This turn starts off in great form for the Beastmen as the Tuskgor Chariot declares a charge into the Wolf Riders, who flee, then redirects into the Night Goblins, fails its dangerous terrain check (thanks to Nightshroud) and blows up having hardly even left my deployment zone.  I realise that I’m going to have to thin out the Savage Orcs at some point so the Gors charge them (losing 9 to dangerous terrain from Nightshroud).  I am aware that this will certainly cost me the Gors but I think that I’m going to need to get the Savage Orcs down to a manageable level before I fight them with the Minotaurs.  Speaking of whom, the Minotaurs charge into the very large flank of the Arachnarok.  The Harpies reckon they’ve got far enough away from the Fanatic and turn back to survey what they can do in the battle.  Not surprisingly, the Gors are indeed severely brutalised by the Savage Orcs, but they do manage to kill off a respectable number before the tattered remnants go fleeing back where they came from.  The Raiders get their murder right on this turn, pulling down two of the Wolf Riders, though amazingly the Goblins hold.  My worries about the Arachnarok venom surge-ing my Minotaurs come to nothing as the big spider is crushed by impact hits plus the Doombull before it even gets to attack.  They gleefully pursue into the shocked-looking Wolf Riders.

The Gors’ escape is short-lived as the Savage Orcs run them down, reforming for the inevitable fight against the Minotaurs.  Hilarity ensues as the Fanatic makes a bee-line for the newly rallied Harpies, killing another one; their flight is improbably short and they manage to stay on the field.  Random movement?  I’m not so sure.  Magic has calmed down a bit (3,2 dice); Foot of Gork (let through) kills a few Ungors, and Hand of Gork is dispelled.  To no-one’s surprise, the Wolf Riders are messily devoured by the Minotaurs, with the impact hits from the Doombull killing all them all before I even have the chance to roll anything else.  Crucially, this means that the Minotaurs are on three Bloodgreed counters now.

It’s a quiet turn, as the Harpies rally, the Minotaurs reform to face the Savage Orcs (while suitable music plays from the background) and everyone else gets out of the way.

It’s on, as the Savage Orcs charge the Minotaurs.  The Boar Boyz manage a long charge (but not quite as long as the picture makes it look) into the Ungors, who I must admit I thought were safe this turn.  We watch the roll for the Fanatic with bated breath, but sadly this time the crazed little chap heads away from the Harpies.  Now that he’s safe from aerial assault, the Night Goblin Shaman leaves his buddies and head for the Wizard’s Tower.  It looks like the Winds of Magic are making up for blowing so strong in the first couple of turn as we get 1,1; ‘Ere We Go is cast and there’s nothing I can do about it.  To build suspense we start the combat phase with the Boar Boyz, who kill off a lot of Ungors for the loss of only one of their own, but the Ungors are steadfast and aren’t going anywhere.  So we’re onto the big one, Minotaurs against Savage Orc Big ‘Uns.  I am not disappointed,  Although the Bloodkine and a few Minotaurs are killed, the Savage Orcs are mauled hopelessly, with only 3 of the unit left (plus the characters).  Even with the re-roll for the BSB, the mob can’t muster the 1,1 required to hold and they flee from the raw power of the Minotaurs.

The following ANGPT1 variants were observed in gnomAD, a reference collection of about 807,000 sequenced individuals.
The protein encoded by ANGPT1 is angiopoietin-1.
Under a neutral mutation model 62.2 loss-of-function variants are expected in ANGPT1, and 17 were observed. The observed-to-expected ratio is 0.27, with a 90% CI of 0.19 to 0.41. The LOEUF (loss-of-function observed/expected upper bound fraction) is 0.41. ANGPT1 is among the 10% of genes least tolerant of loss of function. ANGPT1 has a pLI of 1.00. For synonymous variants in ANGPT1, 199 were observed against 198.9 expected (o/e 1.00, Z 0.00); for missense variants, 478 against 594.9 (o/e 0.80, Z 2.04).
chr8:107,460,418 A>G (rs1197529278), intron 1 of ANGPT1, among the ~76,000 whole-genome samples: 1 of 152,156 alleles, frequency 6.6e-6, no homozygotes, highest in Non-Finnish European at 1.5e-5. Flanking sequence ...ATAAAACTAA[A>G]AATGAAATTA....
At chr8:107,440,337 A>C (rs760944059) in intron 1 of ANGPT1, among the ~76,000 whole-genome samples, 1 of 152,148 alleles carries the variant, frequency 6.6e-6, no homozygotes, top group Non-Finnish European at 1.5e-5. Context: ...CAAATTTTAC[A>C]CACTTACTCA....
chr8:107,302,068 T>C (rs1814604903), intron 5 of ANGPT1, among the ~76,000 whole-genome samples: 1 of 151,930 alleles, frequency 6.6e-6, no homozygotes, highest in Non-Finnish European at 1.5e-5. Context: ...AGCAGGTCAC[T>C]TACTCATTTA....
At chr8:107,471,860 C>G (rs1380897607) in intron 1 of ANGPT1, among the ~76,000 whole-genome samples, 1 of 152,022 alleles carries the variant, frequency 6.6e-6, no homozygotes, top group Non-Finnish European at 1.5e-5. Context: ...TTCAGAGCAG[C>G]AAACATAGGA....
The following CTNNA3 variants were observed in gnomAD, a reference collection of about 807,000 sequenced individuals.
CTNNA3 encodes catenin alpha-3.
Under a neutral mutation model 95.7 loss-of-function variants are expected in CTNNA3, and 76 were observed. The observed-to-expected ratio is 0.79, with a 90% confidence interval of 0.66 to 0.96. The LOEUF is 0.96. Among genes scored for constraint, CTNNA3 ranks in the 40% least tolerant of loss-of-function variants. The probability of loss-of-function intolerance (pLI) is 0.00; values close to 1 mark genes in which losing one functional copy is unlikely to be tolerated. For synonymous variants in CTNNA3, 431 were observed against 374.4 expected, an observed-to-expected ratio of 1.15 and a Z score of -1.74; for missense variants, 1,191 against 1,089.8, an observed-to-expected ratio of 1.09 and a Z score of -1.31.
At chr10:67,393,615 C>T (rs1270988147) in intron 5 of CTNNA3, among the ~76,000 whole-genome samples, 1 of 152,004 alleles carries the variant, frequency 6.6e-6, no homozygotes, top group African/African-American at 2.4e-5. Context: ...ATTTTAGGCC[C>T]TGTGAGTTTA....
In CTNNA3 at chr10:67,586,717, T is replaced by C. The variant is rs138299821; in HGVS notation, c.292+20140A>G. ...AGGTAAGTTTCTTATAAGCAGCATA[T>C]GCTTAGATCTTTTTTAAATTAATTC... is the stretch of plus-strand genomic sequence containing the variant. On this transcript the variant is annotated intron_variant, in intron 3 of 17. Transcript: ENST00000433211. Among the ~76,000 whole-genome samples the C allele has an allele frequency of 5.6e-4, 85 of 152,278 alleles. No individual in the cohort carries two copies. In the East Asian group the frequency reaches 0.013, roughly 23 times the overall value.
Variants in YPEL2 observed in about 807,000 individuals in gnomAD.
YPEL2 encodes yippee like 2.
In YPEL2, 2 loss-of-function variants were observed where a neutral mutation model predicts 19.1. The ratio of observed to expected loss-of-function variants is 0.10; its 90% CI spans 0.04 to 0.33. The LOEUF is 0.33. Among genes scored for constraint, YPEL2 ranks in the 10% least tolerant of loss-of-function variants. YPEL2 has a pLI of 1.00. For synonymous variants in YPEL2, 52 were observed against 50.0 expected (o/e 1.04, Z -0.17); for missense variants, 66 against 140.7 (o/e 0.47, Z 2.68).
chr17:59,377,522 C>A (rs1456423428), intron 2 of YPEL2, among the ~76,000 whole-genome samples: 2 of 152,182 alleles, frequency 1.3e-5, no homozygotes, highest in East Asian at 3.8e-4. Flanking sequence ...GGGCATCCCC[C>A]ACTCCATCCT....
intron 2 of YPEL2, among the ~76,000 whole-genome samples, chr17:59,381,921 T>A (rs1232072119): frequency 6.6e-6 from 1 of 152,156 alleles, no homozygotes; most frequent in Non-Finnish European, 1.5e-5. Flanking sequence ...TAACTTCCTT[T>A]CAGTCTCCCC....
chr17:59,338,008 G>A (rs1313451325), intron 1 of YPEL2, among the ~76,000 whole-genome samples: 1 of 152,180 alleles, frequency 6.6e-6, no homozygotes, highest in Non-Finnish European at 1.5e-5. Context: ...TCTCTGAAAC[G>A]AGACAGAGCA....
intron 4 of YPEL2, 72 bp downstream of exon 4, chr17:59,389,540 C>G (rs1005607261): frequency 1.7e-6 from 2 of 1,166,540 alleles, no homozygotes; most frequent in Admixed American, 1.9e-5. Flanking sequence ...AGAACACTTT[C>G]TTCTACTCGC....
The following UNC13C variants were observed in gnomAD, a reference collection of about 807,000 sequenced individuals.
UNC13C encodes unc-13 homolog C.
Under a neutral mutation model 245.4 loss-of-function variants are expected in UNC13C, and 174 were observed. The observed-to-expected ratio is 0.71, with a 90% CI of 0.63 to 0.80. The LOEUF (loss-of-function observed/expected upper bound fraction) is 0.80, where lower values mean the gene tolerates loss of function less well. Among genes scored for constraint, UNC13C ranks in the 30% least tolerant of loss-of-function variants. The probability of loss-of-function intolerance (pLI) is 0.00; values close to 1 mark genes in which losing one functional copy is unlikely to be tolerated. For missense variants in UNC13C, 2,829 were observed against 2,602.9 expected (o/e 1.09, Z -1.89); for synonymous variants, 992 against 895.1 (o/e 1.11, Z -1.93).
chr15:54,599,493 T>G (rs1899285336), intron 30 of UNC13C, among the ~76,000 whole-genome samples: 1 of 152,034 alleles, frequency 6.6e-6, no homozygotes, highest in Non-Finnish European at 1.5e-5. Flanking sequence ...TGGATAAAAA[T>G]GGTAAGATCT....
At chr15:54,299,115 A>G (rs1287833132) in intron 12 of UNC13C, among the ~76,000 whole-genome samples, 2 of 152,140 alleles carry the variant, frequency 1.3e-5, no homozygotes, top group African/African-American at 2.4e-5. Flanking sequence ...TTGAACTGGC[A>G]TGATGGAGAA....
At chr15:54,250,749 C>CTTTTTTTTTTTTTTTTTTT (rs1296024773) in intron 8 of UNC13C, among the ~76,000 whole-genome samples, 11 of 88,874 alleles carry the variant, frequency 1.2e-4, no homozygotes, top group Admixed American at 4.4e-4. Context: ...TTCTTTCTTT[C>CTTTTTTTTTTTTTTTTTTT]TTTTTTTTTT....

The Minotaurs declare a charge on the Savage Orcs, who flee through the Night Goblins, panicking them.  The Raiders declare an opportunistic charge on the fleeing Night Goblins to send them packing even further, and the Minotaurs complete their own charge, messily consuming what was left of the Savage Orcs.  The two remaining Harpies decide to chance a flank charge on the Wolf Riders, who hold just to be different.  In an attempt to get some Ungors back to hold off the Boar Boyz again, they drink from the Wyrding Well.  None of them are healed, but they become unbreakable instead (and stupid), which will do me fine.  It’s just as well as the Boar Boyz lay into them again, getting them down only 10 or so strong.  The Harpies are really on form today, as they miss with all their attacks and then one of them gets savaged by a wolf.  Luckily, they win combat anyway and the Wolf Riders flee the solitary Harpy.  With his army in tatters and most of the survivors fleeing, Justinmatters calls it a day.  Victory for the Beastmen!